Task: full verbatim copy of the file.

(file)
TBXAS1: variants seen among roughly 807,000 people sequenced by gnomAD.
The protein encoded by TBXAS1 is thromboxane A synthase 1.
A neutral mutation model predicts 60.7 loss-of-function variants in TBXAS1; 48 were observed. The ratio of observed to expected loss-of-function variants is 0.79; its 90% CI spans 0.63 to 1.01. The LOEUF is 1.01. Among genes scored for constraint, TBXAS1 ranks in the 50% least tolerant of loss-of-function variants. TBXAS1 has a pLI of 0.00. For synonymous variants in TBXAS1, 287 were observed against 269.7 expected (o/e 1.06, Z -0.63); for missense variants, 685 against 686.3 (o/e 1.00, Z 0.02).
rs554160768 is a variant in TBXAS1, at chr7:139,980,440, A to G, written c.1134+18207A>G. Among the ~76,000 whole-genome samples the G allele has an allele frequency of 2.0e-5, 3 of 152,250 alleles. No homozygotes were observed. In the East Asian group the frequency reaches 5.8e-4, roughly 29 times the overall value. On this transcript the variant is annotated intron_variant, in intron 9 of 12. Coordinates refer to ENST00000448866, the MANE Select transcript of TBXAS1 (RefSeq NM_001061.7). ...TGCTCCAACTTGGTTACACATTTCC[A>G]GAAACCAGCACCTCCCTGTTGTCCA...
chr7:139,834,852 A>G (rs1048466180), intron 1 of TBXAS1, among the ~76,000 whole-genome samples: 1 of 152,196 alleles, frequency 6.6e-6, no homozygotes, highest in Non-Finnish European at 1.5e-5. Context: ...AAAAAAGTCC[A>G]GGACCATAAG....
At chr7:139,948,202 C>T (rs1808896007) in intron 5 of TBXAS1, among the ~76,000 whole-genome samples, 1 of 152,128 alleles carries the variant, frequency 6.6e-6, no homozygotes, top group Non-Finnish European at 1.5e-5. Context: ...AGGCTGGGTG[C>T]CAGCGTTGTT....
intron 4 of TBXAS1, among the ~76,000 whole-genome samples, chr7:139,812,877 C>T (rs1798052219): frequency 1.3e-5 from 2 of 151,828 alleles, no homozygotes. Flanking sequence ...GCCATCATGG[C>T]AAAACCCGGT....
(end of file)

TBXAS1: variants seen among roughly 807,000 people sequenced by gnomAD.
The protein encoded by TBXAS1 is thromboxane A synthase 1.
A neutral mutation model predicts 60.7 loss-of-function variants in TBXAS1; 48 were observed. The ratio of observed to expected loss-of-function variants is 0.79; its 90% CI spans 0.63 to 1.01. The LOEUF is 1.01. Among genes scored for constraint, TBXAS1 ranks in the 50% least tolerant of loss-of-function variants. TBXAS1 has a pLI of 0.00. For synonymous variants in TBXAS1, 287 were observed against 269.7 expected (o/e 1.06, Z -0.63); for missense variants, 685 against 686.3 (o/e 1.00, Z 0.02).
rs554160768 is a variant in TBXAS1, at chr7:139,980,440, A to G, written c.1134+18207A>G. Among the ~76,000 whole-genome samples the G allele has an allele frequency of 2.0e-5, 3 of 152,250 alleles. No homozygotes were observed. In the East Asian group the frequency reaches 5.8e-4, roughly 29 times the overall value. On this transcript the variant is annotated intron_variant, in intron 9 of 12. Coordinates refer to ENST00000448866, the MANE Select transcript of TBXAS1 (RefSeq NM_001061.7). ...TGCTCCAACTTGGTTACACATTTCC[A>G]GAAACCAGCACCTCCCTGTTGTCCA...
chr7:139,834,852 A>G (rs1048466180), intron 1 of TBXAS1, among the ~76,000 whole-genome samples: 1 of 152,196 alleles, frequency 6.6e-6, no homozygotes, highest in Non-Finnish European at 1.5e-5. Context: ...AAAAAAGTCC[A>G]GGACCATAAG....
At chr7:139,948,202 C>T (rs1808896007) in intron 5 of TBXAS1, among the ~76,000 whole-genome samples, 1 of 152,128 alleles carries the variant, frequency 6.6e-6, no homozygotes, top group Non-Finnish European at 1.5e-5. Context: ...AGGCTGGGTG[C>T]CAGCGTTGTT....
intron 4 of TBXAS1, among the ~76,000 whole-genome samples, chr7:139,812,877 C>T (rs1798052219): frequency 1.3e-5 from 2 of 151,828 alleles, no homozygotes. Flanking sequence ...GCCATCATGG[C>T]AAAACCCGGT....